Parents who abuse drugs or alcohol and who in turn abuse their children – or at least put them in danger – are the leading cause of child abuse in this state, according to most authorities. Many officials point to the rise of prescription drug abuse and a new heroin epidemic. Rachel Tobin-Smith, executive director of SCAN Inc., says, “It’s the drugs. The drugs are making children vulnerable.”


“There has definitely been an increase in the number of cases that have drug involvement,” according to James B. Wide, a spokesperson for the Indiana Department of Child Services. “However, we cannot just [attribute] that increase to heroin, as it really depends on geography. Some areas of the state have a bigger issue with cocaine, some meth, some prescription, and some heroin.”


Heroin now comes cheap, and it is not hard to find. SCAN (it stands for Stop Child Abuse and Neglect) handled more than 800 cases last year involving families where substance abuse is an issue. Over and over again, Ms. Tobin-Smith and the SCAN staff found parents using heroin and forgetting to change diapers or even to bathe their children. “You might spend all your money on drugs,” Ms. Tobin-Smith told the Fort Wayne Journal-Gazette. “And then there is no money for food or clothing.”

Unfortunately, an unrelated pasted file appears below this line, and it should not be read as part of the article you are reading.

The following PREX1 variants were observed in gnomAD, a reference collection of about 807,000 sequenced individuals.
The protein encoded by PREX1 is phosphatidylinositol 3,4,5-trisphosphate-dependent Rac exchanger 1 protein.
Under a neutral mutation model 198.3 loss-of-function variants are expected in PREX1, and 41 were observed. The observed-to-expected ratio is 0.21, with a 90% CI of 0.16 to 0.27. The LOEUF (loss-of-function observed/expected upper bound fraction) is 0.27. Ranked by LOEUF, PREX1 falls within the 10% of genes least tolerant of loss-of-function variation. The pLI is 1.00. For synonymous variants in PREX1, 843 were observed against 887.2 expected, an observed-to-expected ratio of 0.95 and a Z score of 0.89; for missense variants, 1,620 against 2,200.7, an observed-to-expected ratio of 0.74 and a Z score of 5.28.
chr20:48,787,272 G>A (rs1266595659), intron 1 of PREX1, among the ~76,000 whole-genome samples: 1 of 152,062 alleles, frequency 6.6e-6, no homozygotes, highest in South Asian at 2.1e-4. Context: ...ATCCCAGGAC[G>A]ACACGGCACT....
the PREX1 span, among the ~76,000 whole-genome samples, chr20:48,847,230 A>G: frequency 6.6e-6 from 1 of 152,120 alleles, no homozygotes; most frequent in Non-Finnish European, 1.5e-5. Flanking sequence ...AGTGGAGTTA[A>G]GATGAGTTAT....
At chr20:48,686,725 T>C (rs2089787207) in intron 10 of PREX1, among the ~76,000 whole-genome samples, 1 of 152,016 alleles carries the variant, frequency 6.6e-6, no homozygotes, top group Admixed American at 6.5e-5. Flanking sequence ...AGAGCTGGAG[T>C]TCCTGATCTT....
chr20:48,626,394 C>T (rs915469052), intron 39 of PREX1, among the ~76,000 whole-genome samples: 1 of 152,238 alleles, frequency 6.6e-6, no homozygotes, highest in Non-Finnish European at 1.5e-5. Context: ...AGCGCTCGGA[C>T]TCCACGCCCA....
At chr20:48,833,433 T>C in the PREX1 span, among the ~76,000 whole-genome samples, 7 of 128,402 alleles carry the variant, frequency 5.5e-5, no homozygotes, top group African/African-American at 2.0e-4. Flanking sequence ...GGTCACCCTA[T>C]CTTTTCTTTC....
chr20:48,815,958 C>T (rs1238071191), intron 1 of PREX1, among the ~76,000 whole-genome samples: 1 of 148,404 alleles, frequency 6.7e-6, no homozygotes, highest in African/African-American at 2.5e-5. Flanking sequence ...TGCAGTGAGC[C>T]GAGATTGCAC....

Statewide in 2015, more than 16,000 allegations of child abuse or neglect were reported to authorities. In response, Governor Mike Pence authorized the state Department of Child Services to hire 113 extra case workers for this year. All of those positions have now been filled. Still, Ms. Tobin-Smith insists that there is always a need for more social workers. “We can’t find enough people qualified to do the job.” she said.


And while heroin is the “new” drug people are abusing – at least, new to Indiana in the 21st century – it is far from being the only drug linked to child abuse. Several years ago the state was aggressively fighting a methamphetamine epidemic. Ms. Tobin-Smith says it will take money for drug treatment and other programs to get people the help they need, but the state has done this before. “We’re beginning to wrap our heads around it,” she says.